- The Washington Times - Monday, March 18, 2002

After several setbacks and more than three years of development, a proposal for what could have been one of Maryland's first charter schools went last week before the Montgomery County school board.
The concept for the Jaime Escalante Charter School was noble: to challenge and give more attention to poorly performing black and Latino students who may have been overlooked in the public schools.
But the board voted 5-3 to reject the school's application for a second time, saying funding wasn't available.
Escalante school supporters say the real problem isn't their proposal but the county's charter school policy, adopted in 1998.
"The process is set up not to have charter schools, so that nobody can get approval. They aren't ready for charter schools," said Ines Cifuentes, vice president of the Escalante board.
Maryland is one of only a handful of states without a charter-school law setting statewide policy on the schools, which are billed as alternatives to the public school system. Decisions are left to local boards in Maryland, and only two counties have adopted charter school policies.
Charter school proponents say a statewide policy, administered by the state education department and free of local politics and regulations, is the only way to get a charter school approved in Maryland.
A state law would also make charter schools eligible for much-needed federal funds, money that individual schools don't qualify for on their own.
The only approved charter school in the state, a Montessori elementary school slated to open this fall in Frederick County, has to raise its projected $844,000 annual budget without the federal grants available to charter schools in other states, said Montessori school advocate Leslie Mansfield.
"We are doing this with no federal money," she said after the county board approved the school's charter Wednesday by a unanimous vote. "We really need this state legislation to make us eligible."
There are several bills in the General Assembly to create state guidelines for charter schools and split chartering authority between the State Board of Education and local school boards.
The legislation would be "enabling" for local boards, which are currently "groping in the dark" when it comes to establishing charter schools, said Sen. Roy P. Dyson, Calvert Democrat and lead sponsor of a Senate version.
Charter schools are publicly funded but privately led institutions that operate outside many requirements dictated by local school districts. Some focus on specific topics, such as the arts or science.
Advocates tout them as alternatives to failing public schools, ones that offer a chance for teachers and parents to play a greater role in the curriculum. Minnesota passed the first charter-school law in 1991, and 37 other states and the District have followed suit.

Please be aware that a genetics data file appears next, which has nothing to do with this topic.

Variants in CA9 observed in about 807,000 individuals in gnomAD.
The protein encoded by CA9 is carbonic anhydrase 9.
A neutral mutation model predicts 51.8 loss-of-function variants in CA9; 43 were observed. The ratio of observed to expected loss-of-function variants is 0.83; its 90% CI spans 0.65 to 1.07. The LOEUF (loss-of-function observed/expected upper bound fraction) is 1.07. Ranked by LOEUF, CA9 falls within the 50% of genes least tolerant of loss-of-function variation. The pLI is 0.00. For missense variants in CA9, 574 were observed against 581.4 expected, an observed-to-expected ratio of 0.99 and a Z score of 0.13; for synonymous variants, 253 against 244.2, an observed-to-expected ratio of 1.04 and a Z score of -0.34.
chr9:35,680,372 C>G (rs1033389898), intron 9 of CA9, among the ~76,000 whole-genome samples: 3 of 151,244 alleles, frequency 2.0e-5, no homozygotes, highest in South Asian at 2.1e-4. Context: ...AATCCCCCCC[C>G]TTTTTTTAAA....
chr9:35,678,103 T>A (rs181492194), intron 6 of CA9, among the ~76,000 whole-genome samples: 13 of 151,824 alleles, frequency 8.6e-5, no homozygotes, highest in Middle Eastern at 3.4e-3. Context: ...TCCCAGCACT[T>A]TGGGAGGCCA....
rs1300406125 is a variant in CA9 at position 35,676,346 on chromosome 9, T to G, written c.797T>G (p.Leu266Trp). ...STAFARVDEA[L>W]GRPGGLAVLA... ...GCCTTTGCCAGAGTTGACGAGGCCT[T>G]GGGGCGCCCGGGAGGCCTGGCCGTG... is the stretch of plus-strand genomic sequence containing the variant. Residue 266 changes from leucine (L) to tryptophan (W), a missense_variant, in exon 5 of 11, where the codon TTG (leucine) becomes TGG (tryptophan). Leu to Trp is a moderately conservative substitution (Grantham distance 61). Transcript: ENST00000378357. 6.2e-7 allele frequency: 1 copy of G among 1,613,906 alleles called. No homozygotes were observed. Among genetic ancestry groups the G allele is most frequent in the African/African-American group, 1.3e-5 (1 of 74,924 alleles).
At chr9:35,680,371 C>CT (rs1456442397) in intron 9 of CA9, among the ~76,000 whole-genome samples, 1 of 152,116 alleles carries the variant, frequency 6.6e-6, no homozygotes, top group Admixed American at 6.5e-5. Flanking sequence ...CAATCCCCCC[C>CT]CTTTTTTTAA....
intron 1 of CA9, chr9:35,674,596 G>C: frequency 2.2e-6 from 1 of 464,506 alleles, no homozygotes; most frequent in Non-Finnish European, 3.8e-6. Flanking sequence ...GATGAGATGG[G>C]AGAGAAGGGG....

Many of the 2,400 schools nationwide are located in urban areas. The District has 42 charter schools, according to the Center for Education Reform, a charter-school proponent. About 580,000 students are enrolled in charter schools across the country.
Maryland does not prohibit charter schools but has left the decision up to local districts. Only two, Montgomery and Frederick, have adopted policies to date, according to the state Department of Education.
The department supports two of the bills in the General Assembly, but there has been little public push in Maryland for charter schools, according to state education spokesman Ron Peiffer.
"It takes a big commitment on the part of a community to put one of those together," he said. "There's just not been a lot of interest in the state."
Charter school legislation has also been proposed in the General Assembly in recent years, but lawmakers have either shelved bills or not voted on them.
What Mr. Dyson's bill and others lack is an accountability mechanism, a way to ensure that the schools and teachers are held to the same standards as public schools, said Pat Foerster, president of the Maryland State Teachers Association.
"Charter schools could help other schools have an insight into what could be done to help students achieve at a high level," she said.
"But if you don't have accountability there, it's going to be hard to do."
The Escalante proposal not only lacked money, it also didn't provide any new opportunities or services to students, said Reginald Felton, head of the county school board. The county is open to charter schools, but only schools with new ideas, he said.
"It isn't unique," he said of the Escalante proposal. "It is taking some existing programs and recombining them. It isn't offering anything we don't currently offer in the school system."
The Escalante backers haven't decided yet if they are going to apply for a third time when the Montgomery board reviews charter school proposals next March.
Without a state law, they are not optimistic about the school's future. The county says it doesn't have the money and the group can't get federal funds.


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